Tricycle Community

  • Church bans yoga Paid Member

    Reading the tabloids is a bad habit I've developed this summer. I've weaned myself off most of them, though, but I can't quite quit the British tabloid the Sun ("Got a story? We pay £££"). Today's edition reports that a Methodist church near Manchester has banished an over-50s yoga group, leaving elderly yogis throwing up their hands. The church's new minister fears the yogis could be preaching "rival religions"—more specifically, Hinduism and Buddhism. Iris Turner, a 64-year-old yogini, isn't happy with the church's new minister, Rev. Amanda Roper: "Her views are extreme," she tells the Sun. "We are hurt, disappointed and offended."  Mrs. Turner invited Rev. More »
  • Coming Soon to the Tricycle Community: A Discussion on the Poems of "the angry monk," Gendun Chopel Paid Member

    Join us at the Tricycle Community Poetry Club from July 26th through August 2nd for a discussion with Professor Donald S. Lopez Jr., the translator and editor of In the Forest of Faded Wisdom: 104 Poems by Gendun Chopel. A highly regarded modern Tibetan poet, Gendun Chopel is also known as "the angry monk." Here is Lopez's commentary on poem number 33. The poem itself is below: More »
  • Rodney Smith at the Tricycle Community Book Club Paid Member

    Join us Monday, July 26 at the Tricycle Community Book Club for the discussion of Rodney Smith's Stepping Out of Self-Deception: The Buddha's Liberating Teaching of No-Self. Smith dives into the depths of the Buddha's teachings on no-self and impermanence, while remaining accessible and skillfully avoiding the risk of superficiality. It's one of those rare books that will appeal to both newcomers and to those with experience on the spiritual grind. From the introduction: More »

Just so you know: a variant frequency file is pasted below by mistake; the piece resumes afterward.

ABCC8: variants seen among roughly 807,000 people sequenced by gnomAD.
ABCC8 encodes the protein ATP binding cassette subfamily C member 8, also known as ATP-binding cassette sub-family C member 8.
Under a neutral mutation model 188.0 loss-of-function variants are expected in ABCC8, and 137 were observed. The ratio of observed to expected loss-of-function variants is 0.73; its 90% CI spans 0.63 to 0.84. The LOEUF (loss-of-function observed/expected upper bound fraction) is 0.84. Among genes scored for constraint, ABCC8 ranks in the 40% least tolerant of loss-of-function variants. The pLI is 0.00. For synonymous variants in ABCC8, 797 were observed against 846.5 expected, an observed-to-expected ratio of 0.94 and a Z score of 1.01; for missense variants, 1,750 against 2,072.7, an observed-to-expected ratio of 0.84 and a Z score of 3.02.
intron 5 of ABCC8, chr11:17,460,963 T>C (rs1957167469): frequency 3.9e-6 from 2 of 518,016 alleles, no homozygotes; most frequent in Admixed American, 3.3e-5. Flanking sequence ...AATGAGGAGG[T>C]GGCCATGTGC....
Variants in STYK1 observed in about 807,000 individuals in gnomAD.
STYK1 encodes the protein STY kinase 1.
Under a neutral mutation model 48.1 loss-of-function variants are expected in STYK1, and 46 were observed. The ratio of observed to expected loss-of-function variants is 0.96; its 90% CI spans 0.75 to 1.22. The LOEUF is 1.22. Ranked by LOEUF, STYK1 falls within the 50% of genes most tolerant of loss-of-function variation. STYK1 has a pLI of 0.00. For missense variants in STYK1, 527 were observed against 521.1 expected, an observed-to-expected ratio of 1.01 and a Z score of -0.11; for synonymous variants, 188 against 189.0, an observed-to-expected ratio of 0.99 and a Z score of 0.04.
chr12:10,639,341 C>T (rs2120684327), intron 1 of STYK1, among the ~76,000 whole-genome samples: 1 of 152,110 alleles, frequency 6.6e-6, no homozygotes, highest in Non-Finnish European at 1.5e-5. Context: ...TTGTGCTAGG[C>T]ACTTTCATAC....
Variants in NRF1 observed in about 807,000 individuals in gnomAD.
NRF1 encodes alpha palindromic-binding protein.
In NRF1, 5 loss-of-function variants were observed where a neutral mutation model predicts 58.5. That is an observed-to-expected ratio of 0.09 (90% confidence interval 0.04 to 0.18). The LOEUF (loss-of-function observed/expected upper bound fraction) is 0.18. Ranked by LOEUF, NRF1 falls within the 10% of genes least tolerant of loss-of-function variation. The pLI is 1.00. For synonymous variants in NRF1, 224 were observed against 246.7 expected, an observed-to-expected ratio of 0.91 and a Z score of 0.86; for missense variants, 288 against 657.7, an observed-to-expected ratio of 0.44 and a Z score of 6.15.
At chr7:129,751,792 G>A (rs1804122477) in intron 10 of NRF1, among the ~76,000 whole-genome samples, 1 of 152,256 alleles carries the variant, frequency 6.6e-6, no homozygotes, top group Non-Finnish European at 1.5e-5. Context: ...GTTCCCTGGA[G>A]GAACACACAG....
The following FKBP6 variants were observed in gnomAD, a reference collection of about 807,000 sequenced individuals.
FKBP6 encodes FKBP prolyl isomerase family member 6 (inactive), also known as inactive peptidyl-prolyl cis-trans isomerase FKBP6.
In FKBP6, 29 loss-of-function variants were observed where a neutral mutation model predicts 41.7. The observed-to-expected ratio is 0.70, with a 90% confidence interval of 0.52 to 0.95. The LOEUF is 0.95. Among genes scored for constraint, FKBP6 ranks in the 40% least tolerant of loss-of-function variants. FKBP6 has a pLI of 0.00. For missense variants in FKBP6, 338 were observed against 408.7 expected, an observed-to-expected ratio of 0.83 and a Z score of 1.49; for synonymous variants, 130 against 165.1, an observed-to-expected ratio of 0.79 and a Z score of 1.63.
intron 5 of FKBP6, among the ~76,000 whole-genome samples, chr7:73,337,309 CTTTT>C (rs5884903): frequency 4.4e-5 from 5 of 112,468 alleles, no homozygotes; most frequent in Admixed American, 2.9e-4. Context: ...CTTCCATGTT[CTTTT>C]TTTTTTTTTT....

• Bonnie Myotai Treace on Generosity and Attention Paid Member

    Week 2 of Bonnie Myotai Treace's Tricycle Retreat begins today. In this week's talk she elaborates on last week's theme of generosity and introduces the theme of attention. While stressing the importance of attention in practice she tells a story of a Japanese Emperor that visited a Zen master asking for a great teaching.  In response to the Emperor's request the master painted a calligraphy of the character for 'attention.' The Emperor thanked him but stated he was looking for more of a teaching than one simple character. Upon being asked to elaborate on this teaching, the master's response was simply to once again paint the character on another piece of paper and hand it to him.  This apparently went on for quite some time.  Eventually the Emperor saw that this repetitive action WAS the great teaching—that one must come back to attention again and again and again. More »
  • Deep Roots Need Good Soil Paid Member

    Today’s Daily Dharma: If you have a supportive sangha, it’s easy to nourish your bodhicitta, the seeds of enlightenment. If you don’t have anyone who understands you, who encourages you in the practice of the living dharma, your desire to practice may wither. Your sangha—family, friends, and copractitioners—is the soil, and you are the seed. No matter how vigorous the seed is, if the soil does not provide nourishment, your seed will die. A good sangha is crucial for the practice. Please find a good sangha or help create one. -Thich Nhat Hanh, "The Fertile soil of Sangha" Read the complete article here. More »
  • This is Getting Old: A discussion on aging at the Tricycle Community Book Club Paid Member

    We're discussing Susan Moon's new book, This is Getting Old: Zen Thoughts on Aging with Humor and Dignity, at the Tricycle Community Book Club this week. You can also listen to an interview with the author before moving on to the discussion. Bodhipaksa (known online for, among other things, his Fake Buddha Quotes) calls Susan Moon "one of Buddhism's funniest writers." More »